Your Summer 2014 Reading Guide: 6 Great Novels
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The Fiscal Times
June 7, 2014

The choices are almost overwhelming. Rumors of a crisis in publishing notwithstanding, the options for great summer reading are abundant. There are, of course, the obvious bestsellers, most of which will clamor for your attention with lavish displays at the front of the bookstore or the top of your online list. Herewith, however, we present the cream of the crop, some of which are slightly more obscure. Steer directly to one of the following novels, and it’s hard to imagine that you’ll have a bad day on your summer vacation. Even if it’s raining.

Related: 6 Great Novels Worth Reading in 2014

Midnight in Europe by Alan Furst
If you haven’t stumbled across Furst’s noir-ish novels, set in the smoke-filled rooms and foggy alleys of European capitals in the 1930s, well, you’re missing out. In which case, this is a good place to catch up. Cristian Ferrar lives in Paris, a Spanish lawyer with an American firm. He’s an unexpectedly privileged kind of guy in the late 1930s, in the midst of the Spanish Civil War, when most others with Republican sympathies are penniless refugees. Ferrar is lured into helping the Republicans make a last-ditch stand, by supplying them with weapons…. Furst’s fans worry that one day he’ll run out of ideas or settings in his favorite era, but so far, so good. If you like this, and want some entertaining video, look for the four-part series of his “Spies of Warsaw,” starring David Tennant. (Random House, $27.00)

Lost for Words by Edward St. Aubyn
With less than two months to go, the buzz is already building about which novels will end up on the first Man Booker Prize longlist to include works by American (indeed, non-Commonwealth) authors. Edward St. Aubyn made it all the way to the shortlist in 2006 with Mother’s Milk, part of his acclaimed Melrose cycle of novels, but don’t expect this latest novel to pop up among the 2014 nominees. That’s because it’s a hilarious, flat-out satirical send-up of the whole culture of literary prizes and literary celebrity. Sure, you may need to have followed some of the recent kerfuffle surrounding the Man Booker to “get” all the jokes, but you don’t need to read at that level to enjoy the skewering of literary pretentiousness. If you’ve ever thought that uber-literary novelists and their critics are really just jabbering away at each other in incomprehensible sentences, you owe it to yourself to read this. Witty and smart – and oh yes, well written. (Macmillan, $26.00)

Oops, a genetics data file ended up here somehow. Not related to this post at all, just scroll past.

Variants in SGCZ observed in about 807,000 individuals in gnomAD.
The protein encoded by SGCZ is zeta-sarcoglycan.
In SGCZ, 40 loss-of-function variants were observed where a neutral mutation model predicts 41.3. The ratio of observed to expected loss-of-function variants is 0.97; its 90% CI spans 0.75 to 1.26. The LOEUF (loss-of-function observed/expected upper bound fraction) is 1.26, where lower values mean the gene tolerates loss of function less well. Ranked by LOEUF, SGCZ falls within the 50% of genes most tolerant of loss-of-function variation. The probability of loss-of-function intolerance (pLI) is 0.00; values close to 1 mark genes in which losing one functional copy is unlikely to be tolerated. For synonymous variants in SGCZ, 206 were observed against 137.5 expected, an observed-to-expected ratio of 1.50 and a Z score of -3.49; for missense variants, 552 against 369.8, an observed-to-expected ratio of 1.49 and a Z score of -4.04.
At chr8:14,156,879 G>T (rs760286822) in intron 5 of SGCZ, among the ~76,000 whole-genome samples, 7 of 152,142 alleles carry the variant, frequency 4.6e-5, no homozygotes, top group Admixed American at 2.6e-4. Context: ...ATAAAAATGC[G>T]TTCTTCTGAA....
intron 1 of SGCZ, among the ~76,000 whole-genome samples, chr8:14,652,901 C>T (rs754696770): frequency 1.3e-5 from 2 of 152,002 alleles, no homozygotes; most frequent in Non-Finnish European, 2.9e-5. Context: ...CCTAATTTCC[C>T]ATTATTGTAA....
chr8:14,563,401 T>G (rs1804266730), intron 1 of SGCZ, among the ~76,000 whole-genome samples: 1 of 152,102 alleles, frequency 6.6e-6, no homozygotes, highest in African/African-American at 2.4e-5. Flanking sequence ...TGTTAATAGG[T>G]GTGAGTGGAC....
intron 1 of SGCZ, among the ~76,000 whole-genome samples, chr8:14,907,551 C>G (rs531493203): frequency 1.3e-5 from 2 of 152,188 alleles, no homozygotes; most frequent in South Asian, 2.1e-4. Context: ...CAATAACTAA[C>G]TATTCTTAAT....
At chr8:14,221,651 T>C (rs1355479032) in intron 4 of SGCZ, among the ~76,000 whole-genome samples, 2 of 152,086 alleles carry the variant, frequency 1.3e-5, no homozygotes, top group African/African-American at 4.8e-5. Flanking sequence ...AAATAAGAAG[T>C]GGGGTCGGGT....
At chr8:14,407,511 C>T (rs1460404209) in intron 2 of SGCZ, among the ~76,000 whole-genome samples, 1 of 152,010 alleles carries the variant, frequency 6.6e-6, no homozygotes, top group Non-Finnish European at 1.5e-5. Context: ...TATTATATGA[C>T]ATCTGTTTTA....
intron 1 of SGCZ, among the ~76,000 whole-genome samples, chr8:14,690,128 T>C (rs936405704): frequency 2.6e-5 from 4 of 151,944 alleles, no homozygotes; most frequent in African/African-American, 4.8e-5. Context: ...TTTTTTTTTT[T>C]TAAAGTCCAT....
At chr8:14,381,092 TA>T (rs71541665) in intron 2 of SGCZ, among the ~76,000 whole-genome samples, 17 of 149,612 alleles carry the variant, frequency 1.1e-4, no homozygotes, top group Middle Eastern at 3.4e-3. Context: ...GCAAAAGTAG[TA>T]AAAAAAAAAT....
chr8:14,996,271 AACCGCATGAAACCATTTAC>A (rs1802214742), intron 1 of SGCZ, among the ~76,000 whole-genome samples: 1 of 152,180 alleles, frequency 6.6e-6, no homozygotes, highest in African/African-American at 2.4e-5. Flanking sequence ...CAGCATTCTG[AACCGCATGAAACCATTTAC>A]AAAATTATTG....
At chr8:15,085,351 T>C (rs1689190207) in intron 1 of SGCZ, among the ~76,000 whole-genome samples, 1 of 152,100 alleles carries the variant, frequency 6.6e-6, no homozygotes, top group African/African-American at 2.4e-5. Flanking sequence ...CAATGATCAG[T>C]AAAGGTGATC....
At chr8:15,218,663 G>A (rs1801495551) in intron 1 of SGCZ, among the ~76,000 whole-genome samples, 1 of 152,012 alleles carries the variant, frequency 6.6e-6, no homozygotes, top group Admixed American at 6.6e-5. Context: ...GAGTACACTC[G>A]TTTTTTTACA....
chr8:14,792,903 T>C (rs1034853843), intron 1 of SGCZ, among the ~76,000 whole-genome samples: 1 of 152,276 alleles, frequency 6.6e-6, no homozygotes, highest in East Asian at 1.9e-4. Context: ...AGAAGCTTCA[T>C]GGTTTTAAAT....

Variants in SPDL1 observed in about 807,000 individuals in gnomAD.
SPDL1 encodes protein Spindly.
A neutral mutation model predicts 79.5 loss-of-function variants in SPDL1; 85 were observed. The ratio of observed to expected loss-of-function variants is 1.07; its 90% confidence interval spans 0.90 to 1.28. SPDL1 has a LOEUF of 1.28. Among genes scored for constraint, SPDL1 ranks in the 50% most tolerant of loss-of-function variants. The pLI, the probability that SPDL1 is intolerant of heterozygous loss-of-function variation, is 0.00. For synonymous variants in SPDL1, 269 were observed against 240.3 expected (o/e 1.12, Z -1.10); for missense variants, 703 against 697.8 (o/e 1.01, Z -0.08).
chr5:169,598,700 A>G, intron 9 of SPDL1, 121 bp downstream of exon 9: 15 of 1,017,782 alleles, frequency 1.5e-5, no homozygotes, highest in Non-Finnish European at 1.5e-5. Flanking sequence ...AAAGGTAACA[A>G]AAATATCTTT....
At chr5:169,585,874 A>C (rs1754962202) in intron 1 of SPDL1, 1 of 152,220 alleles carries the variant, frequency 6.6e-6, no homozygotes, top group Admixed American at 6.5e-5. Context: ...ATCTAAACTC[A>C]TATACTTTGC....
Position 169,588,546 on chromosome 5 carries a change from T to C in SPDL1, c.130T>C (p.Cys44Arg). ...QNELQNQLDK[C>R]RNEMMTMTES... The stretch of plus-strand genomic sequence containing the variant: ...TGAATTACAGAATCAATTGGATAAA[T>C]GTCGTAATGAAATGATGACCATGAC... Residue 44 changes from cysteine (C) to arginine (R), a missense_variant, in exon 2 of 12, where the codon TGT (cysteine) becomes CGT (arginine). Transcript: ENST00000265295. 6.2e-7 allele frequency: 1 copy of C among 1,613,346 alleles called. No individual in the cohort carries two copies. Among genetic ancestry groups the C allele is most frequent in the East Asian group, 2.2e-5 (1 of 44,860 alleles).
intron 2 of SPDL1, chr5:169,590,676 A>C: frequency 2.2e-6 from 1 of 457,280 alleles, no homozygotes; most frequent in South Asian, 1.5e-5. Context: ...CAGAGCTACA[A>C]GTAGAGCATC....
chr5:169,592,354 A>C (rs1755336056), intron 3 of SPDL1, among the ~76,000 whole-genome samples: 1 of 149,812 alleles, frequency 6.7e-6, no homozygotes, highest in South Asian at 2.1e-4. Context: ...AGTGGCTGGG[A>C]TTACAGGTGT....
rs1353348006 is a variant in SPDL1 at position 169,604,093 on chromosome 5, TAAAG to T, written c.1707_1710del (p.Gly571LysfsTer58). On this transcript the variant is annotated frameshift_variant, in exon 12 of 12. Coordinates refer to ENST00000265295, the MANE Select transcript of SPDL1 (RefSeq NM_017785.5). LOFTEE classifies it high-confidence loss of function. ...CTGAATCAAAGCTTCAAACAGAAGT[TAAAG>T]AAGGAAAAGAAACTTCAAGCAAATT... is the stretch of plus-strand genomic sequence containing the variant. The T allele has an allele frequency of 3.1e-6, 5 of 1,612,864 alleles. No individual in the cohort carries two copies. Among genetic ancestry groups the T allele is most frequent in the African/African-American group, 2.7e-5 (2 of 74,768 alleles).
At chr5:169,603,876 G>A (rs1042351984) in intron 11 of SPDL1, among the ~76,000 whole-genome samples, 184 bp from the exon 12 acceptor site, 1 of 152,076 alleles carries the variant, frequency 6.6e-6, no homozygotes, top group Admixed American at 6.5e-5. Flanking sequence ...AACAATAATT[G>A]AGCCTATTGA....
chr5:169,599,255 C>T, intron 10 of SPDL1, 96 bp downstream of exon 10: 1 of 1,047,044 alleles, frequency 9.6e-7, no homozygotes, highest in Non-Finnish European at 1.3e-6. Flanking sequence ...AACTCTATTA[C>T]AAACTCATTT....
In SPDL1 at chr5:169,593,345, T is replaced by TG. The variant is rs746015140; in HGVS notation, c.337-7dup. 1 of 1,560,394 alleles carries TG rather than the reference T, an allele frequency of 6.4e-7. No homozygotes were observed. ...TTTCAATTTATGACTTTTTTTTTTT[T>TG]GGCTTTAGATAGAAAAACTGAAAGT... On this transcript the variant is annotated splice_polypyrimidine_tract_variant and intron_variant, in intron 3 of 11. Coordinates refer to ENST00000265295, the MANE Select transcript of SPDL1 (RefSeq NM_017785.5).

Related: The 12 Movies You Should See This Summer

The Orenda by Joseph Boyden
If you haven’t yet discovered Joseph Boyden’s novels, you have something quite astonishing in store: He is simply one of the best storytellers that Canada has yet produced, and one of the best wordsmiths, to boot. This is only his third novel, and already he is into uncharted territory, embarking on a dark venture into 17th century Canadian history, and the first contacts between the French colonists, the Hurons, the Iroquois, and the conflicts between them. Quite simply, it’s dazzling. (Knopf, $26.95)

Euphoria by Lily King
Inspired by the anthropologist Margaret Mead, Lily King has penned a riveting and imaginative novel set in New Guinea. What kind of toll does isolation from all that is familiar take on a researcher already tormented by events in his past – and what happens when he encounters new colleagues hungry for intellectual adventure? The results, as imaged by King, are explosive, and she does them full justice in this slim but compulsively readable novel, which could be her breakthrough to bestseller lists, or so her fans can hope…. (Atlantic Monthly Press, $25.00) 

In the Morning I’ll Be Gone by Adrian McKinty
In McKinty’s “Troubles” Trilogy, of which this is the third (but intriguingly, we hear, not the last) book, Sean Duffy is a Catholic cop working for the Royal Ulster Constabulary in Belfast in the early 1980s, which is about as comfortable a position as being a long-tailed cat in a room full of rocking chairs. By the time you reach this book (which can be read on its own, though why not read your way through all three?), he’s in trouble with the authorities and on his way out — unless he can entrap an old schoolfriend who has turned into a most-wanted man, a notorious IRA bomber and now a prison escapee, plotting to bomb Margaret Thatcher. Fast-paced and very evocative of an era that (thankfully) is beginning to recede into history. (Seventh Street Books, $15.95) 

Dispute Over a Very Italian Piglet by Amara Lakhous
Algerian-born author Amara Lakhous is, I hear, on the point of moving to the United States. I confess that my reaction is divided: On the one hand, there’s a chance we’ll no longer be treated to his wonderfully vivid portrayals of a reluctantly multicultural/multiethnic 21st century Italy. On the other hand, Lakhous could turn his talents toward analyzing us instead. In any event, a new Lakhous novel is a thing of joy — quite literally, as they are always replete with humor and a certain absurdity. Sheer delight. (Europa Editions, $15.00)

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Business journalist Suzanne McGee spent more than 13 years at The Wall Street Journal before turning to freelance writing. Author of the book Chasing Goldman Sachs, she has written for Barron’s, The Financial Times, and Institutional Investor.